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This paper posits a path to colonizing/probing the universe with lightweight (30g) or heavyweight (500t) probes based on 3 propulsion methods (fission, fusion, antimatter) by mining a planet like Mercury to make a Dyson swarm to power the effort, and launching probes at 3 speeds (.5 .8c .99)c across the universe with sufficient redundancy to survive intergalactic/cluster dust collisions.

Once arrived at target galaxies/clusters, they build a new factory system to launch another generation of probes to visit locally.

The fact that we have not seen evidence of such an operation does not mean it has not happened - the paper posits hiding such an effort would be trivial and additionally quashing similar efforts by other less careful aliens might be beneficial to a first-mover to avoid paperclip-maximism of the universe. Thus there may be a hidden universal police in place. Or simply too much intergalactic dust to colonize a good chunk before Hubble flow makes targets inaccessible.

Obviously assumptions about technical capability have a wide range of error - can we send smart enough AI with minimal toolsets (in 30g? in 500t?) to start a new dyson swarm and probe factor? Im more concerned with the light-speed travel, dust density, Hubble flow, material longevity and other more physical assumptions made.

There are multiple assumptions made, just as in the Drake equation itself, some of which likely have even wider (magnitudes) range than used in the paper.

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  • $\begingroup$ I think there have been some more recent Drake equation evaluations, possibly already a question here or in Astronomy SE about it. That may not affect answering your question, but you might find it interesting nonetheless. $\endgroup$ – uhoh Nov 16 '18 at 18:15
  • $\begingroup$ "What are the issues with this paper" seems like an overly broad question; can you narrow it? $\endgroup$ – Russell Borogove Nov 16 '18 at 18:51
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The first thing I notice is that the paper first handwaves away the difference between the size of the probe and the size of the replicator. It references the Freitas paper (which is itself pretty handwavey) while failing to mention that the probe required to send the 500t replicator masses ten million tons.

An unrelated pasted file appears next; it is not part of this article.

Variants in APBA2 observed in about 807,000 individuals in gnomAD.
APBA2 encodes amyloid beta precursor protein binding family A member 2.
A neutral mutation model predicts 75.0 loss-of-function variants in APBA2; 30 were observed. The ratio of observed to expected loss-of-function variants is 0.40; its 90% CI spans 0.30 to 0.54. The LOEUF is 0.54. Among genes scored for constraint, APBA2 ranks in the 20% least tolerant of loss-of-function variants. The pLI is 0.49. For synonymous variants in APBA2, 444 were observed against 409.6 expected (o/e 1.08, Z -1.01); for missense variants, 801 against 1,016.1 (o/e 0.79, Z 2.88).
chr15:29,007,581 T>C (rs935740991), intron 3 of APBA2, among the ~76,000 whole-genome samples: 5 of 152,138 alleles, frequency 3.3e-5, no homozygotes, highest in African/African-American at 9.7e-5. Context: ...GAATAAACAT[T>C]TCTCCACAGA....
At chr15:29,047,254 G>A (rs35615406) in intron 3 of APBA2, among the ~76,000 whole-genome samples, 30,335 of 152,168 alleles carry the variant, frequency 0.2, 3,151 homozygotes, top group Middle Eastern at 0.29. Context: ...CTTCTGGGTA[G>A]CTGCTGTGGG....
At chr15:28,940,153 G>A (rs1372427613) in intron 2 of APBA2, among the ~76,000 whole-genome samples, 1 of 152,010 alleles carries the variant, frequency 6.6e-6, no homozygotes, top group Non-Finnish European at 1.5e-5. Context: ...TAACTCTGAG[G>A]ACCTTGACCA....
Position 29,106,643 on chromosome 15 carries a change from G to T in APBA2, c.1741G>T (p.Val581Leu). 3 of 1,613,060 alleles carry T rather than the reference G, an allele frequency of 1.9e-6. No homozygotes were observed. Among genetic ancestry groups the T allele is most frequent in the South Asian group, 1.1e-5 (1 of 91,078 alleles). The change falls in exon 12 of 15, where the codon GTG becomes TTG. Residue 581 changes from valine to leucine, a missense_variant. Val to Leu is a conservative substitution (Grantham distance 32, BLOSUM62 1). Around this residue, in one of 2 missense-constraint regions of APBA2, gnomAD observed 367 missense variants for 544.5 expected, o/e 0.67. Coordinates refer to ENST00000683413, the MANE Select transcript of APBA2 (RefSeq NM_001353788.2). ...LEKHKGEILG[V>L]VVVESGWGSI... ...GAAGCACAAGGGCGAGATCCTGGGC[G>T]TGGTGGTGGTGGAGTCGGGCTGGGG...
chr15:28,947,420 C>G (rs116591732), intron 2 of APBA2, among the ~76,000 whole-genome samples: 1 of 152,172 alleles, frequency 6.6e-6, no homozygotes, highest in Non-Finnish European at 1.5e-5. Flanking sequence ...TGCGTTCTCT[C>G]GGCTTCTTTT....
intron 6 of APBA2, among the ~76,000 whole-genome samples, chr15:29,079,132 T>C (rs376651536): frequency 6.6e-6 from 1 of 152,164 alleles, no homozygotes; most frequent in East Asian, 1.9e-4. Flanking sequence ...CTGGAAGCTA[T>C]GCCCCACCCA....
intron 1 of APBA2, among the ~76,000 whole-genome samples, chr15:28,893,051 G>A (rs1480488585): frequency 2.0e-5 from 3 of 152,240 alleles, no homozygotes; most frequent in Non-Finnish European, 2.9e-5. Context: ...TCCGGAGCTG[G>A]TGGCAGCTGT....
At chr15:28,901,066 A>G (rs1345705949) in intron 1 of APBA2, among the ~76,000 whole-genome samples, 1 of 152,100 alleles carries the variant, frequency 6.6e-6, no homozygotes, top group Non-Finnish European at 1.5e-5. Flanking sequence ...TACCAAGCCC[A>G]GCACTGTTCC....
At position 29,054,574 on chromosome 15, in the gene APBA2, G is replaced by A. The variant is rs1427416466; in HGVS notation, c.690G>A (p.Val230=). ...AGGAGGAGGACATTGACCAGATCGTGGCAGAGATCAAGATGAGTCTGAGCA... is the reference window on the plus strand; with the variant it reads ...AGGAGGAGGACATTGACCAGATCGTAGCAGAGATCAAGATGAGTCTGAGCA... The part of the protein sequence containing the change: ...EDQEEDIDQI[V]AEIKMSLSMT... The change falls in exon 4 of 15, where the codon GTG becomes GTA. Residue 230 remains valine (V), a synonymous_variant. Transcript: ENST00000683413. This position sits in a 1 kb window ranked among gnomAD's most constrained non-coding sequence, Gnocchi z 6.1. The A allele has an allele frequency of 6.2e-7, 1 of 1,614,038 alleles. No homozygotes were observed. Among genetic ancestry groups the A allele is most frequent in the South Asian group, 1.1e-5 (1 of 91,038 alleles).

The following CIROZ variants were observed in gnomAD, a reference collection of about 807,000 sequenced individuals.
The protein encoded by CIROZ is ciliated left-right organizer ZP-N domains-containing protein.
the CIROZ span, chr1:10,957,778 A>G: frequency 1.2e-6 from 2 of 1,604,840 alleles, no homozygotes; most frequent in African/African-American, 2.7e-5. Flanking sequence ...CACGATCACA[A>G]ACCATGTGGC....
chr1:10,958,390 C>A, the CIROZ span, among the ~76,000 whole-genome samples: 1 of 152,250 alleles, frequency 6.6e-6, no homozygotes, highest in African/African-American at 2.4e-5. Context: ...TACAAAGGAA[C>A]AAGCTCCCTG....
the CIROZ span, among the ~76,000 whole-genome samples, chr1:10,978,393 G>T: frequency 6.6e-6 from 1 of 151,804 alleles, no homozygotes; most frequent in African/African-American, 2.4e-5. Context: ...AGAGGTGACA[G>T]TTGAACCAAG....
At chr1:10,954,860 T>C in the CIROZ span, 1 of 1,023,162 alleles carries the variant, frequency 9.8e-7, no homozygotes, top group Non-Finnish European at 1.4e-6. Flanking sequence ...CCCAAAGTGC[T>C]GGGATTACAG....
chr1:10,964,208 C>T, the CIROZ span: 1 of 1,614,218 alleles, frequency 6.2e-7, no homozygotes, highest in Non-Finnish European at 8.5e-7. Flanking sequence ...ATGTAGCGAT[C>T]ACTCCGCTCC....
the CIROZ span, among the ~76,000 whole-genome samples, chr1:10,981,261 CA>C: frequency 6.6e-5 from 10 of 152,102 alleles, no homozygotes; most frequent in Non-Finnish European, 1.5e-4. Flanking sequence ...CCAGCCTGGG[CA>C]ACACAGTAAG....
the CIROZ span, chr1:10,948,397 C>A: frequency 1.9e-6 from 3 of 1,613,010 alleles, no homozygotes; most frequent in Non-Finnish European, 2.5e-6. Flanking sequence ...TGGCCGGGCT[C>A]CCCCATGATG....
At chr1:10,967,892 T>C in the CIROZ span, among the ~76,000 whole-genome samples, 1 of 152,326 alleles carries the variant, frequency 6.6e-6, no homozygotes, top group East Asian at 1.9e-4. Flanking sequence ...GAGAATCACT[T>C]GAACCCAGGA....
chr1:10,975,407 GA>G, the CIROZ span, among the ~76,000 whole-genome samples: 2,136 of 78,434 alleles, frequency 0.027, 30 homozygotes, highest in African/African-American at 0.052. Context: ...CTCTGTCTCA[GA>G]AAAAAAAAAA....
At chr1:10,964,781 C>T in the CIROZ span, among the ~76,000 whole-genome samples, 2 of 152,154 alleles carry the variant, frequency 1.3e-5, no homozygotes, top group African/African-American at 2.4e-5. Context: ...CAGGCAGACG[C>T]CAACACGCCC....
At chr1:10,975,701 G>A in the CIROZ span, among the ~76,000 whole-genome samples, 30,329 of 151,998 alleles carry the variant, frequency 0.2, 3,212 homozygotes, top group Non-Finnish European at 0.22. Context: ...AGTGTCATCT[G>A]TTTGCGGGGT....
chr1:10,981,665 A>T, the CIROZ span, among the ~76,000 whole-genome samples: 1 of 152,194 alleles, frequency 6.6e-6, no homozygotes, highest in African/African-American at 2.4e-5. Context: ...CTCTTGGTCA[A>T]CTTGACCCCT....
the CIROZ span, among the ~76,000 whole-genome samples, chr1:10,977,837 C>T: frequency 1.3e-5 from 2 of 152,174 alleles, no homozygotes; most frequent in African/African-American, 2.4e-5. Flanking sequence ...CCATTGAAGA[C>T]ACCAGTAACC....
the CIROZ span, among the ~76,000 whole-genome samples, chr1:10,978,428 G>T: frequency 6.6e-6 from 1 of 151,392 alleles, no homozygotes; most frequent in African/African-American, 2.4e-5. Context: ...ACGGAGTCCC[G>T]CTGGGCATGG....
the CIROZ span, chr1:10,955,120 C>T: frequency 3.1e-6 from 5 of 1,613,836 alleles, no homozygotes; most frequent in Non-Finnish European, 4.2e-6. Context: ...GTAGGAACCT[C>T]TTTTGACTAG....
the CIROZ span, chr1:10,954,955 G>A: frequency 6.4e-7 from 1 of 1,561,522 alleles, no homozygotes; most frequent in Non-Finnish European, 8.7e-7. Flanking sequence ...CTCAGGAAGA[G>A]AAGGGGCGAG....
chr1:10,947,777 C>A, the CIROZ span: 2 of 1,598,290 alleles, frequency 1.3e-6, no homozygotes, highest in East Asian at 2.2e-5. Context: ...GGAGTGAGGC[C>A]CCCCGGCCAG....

The second thing I notice is that the author seems to arbitrarily extrapolate from the fact that an acorn can produce a tree that a 30g replicator can do the same job as the 500t replicator, which calls into question the point of bringing up the 500t replicator in the first place.

Neither paper does much to explain how a replicator would actually be engineered. Naturally occurring replicators (i.e. life forms) take advantage of an environment heavily shaped by earlier, simpler replicators to provide necessary material; an acorn grows into an oak on the backs of billions of years of preparatory work by other plants and animals.

I didn't bother reading any further than that. It's one thing to say that seeding the galaxy with replicators is theoretically possible; it says nothing about the practicality of doing so.

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  • $\begingroup$ One practicality is to avoid another civilization paperclip-maximizing the universe. A worthy goal. He does assume the replication would be possible - considering our level of AI or even computer control now, it does not seem impossible that we could have a program build a nuclear power plant, an aircraft carrier or a saturn 5 rocket starting with just a few mining tractors/what we can fit in 500t in under 100 more years technological development - so Im not overly worried about the impossibility of the replicators. More concerned with cosmological assumptions than robotics/AI. $\endgroup$ – math Nov 16 '18 at 21:02

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